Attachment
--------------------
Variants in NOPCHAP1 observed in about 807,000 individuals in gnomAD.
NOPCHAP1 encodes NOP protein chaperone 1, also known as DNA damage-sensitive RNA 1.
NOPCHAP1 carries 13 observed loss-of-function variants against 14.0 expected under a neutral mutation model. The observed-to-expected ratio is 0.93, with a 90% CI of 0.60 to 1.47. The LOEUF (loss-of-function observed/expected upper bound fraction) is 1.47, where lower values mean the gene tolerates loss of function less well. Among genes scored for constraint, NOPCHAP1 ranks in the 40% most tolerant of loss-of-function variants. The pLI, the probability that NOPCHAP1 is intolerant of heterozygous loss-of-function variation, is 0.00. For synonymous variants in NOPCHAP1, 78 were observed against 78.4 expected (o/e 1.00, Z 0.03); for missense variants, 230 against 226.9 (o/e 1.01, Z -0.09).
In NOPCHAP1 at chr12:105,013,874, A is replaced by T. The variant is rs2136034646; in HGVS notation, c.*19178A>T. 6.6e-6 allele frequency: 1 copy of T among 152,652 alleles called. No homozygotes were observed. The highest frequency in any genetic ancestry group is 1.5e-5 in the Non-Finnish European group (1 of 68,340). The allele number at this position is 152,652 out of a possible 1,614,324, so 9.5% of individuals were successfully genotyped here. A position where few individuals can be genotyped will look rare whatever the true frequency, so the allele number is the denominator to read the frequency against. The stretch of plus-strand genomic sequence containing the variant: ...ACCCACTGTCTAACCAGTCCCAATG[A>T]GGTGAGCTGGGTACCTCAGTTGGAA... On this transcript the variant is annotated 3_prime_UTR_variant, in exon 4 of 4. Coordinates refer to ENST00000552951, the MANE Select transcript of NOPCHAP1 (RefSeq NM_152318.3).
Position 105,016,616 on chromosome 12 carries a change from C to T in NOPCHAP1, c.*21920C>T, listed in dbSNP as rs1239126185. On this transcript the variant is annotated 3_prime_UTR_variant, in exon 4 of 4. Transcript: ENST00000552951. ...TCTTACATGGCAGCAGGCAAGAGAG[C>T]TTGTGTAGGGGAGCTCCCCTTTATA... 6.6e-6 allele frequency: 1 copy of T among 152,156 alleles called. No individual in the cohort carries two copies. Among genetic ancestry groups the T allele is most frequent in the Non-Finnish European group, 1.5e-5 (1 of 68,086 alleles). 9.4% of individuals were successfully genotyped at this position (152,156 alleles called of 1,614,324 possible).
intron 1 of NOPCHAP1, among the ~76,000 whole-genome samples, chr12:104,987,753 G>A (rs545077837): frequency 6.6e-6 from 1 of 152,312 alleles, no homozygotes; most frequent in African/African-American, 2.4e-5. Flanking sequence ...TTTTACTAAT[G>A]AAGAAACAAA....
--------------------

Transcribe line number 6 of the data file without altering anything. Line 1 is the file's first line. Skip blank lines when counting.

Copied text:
intron 1 of NOPCHAP1, among the ~76,000 whole-genome samples, chr12:104,987,753 G>A (rs545077837): frequency 6.6e-6 from 1 of 152,312 alleles, no homozygotes; most frequent in African/African-American, 2.4e-5. Flanking sequence ...TTTTACTAAT[G>A]AAGAAACAAA....